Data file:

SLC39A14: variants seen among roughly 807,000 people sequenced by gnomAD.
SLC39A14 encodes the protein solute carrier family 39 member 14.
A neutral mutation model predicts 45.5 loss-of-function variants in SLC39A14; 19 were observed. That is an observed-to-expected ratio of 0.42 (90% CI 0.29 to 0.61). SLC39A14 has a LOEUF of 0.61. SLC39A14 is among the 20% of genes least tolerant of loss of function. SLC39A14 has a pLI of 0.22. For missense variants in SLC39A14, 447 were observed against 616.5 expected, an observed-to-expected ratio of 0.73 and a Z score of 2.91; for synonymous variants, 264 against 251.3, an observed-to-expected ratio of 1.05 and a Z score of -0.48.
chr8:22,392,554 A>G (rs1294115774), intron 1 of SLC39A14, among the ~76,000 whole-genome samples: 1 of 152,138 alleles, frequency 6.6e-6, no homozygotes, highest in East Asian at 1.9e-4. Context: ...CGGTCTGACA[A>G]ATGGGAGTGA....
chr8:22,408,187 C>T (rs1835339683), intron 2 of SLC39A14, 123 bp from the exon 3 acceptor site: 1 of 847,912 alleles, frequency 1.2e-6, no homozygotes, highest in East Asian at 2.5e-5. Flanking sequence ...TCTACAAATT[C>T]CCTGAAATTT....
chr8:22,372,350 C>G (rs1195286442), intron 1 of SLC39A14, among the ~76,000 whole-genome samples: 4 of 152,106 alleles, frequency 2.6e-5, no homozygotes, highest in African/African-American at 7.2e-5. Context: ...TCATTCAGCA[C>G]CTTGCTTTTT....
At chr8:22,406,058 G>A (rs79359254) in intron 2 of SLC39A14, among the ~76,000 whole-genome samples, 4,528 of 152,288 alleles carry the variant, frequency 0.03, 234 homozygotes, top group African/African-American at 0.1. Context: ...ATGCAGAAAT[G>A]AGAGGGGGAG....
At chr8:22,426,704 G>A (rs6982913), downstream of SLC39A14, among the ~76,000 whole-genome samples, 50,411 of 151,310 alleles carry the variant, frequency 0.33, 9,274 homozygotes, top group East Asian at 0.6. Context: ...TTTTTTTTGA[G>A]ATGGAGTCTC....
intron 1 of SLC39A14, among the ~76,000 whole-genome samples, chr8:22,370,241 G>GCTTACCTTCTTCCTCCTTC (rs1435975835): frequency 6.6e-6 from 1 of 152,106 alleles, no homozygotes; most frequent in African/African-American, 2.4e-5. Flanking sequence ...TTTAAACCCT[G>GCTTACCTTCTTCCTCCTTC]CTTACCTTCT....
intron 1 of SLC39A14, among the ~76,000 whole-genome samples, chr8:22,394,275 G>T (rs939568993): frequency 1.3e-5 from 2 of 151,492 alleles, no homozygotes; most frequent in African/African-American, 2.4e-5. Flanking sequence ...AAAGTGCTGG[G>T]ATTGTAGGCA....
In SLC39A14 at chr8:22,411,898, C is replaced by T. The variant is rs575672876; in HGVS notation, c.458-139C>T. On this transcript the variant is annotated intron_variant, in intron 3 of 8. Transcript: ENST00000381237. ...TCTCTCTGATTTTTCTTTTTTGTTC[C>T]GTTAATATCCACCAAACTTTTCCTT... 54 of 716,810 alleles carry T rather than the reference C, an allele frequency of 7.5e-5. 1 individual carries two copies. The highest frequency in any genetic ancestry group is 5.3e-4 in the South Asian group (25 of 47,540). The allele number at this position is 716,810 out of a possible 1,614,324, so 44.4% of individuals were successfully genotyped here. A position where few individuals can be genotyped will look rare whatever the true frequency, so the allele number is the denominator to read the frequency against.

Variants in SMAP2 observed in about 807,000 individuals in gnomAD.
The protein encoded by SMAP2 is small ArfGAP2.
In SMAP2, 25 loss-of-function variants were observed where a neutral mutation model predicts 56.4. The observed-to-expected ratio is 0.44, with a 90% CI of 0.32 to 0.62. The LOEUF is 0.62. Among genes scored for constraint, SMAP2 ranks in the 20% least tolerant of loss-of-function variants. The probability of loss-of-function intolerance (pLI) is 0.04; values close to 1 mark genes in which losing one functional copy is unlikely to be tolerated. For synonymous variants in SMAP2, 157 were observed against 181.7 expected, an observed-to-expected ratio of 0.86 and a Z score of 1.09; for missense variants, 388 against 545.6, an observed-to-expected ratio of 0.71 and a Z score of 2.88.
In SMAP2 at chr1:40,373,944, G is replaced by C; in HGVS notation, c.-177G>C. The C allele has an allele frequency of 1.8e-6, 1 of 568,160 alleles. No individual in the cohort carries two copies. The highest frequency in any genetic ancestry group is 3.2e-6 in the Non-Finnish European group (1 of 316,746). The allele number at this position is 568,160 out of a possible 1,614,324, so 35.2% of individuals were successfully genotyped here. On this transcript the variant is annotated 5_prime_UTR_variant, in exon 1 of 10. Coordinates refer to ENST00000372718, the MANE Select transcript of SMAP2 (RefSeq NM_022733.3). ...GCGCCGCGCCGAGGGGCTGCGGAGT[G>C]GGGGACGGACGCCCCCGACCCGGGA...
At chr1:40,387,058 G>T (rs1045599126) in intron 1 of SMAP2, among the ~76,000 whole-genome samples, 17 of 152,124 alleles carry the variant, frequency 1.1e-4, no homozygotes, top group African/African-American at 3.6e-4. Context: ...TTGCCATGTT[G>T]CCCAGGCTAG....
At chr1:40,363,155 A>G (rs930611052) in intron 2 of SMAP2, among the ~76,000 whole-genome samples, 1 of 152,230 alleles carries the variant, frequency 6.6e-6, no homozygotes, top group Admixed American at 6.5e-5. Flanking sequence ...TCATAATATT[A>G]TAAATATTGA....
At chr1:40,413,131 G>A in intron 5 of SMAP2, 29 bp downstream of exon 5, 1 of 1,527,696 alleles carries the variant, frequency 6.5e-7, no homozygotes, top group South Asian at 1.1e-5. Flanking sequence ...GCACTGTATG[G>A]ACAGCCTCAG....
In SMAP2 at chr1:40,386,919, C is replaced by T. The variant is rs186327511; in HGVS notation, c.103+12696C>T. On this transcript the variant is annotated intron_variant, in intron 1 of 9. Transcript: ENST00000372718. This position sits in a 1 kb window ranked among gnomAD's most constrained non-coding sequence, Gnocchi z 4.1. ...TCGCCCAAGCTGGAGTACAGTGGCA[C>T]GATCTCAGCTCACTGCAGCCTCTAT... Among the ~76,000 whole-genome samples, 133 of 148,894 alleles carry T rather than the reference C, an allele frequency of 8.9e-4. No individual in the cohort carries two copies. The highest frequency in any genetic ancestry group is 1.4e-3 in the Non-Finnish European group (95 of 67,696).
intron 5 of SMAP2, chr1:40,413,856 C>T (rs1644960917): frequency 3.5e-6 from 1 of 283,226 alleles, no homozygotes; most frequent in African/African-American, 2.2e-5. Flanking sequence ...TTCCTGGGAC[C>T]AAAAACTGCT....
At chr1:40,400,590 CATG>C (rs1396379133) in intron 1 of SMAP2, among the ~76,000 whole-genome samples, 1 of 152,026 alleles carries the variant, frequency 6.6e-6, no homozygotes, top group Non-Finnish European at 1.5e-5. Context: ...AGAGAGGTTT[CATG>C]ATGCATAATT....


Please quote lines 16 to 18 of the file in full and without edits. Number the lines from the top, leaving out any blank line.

At chr1:40,387,058 G>T (rs1045599126) in intron 1 of SMAP2, among the ~76,000 whole-genome samples, 17 of 152,124 alleles carry the variant, frequency 1.1e-4, no homozygotes, top group African/African-American at 3.6e-4. Context: ...TTGCCATGTT[G>T]CCCAGGCTAG....
At chr1:40,363,155 A>G (rs930611052) in intron 2 of SMAP2, among the ~76,000 whole-genome samples, 1 of 152,230 alleles carries the variant, frequency 6.6e-6, no homozygotes, top group Admixed American at 6.5e-5. Flanking sequence ...TCATAATATT[A>G]TAAATATTGA....
At chr1:40,413,131 G>A in intron 5 of SMAP2, 29 bp downstream of exon 5, 1 of 1,527,696 alleles carries the variant, frequency 6.5e-7, no homozygotes, top group South Asian at 1.1e-5. Flanking sequence ...GCACTGTATG[G>A]ACAGCCTCAG....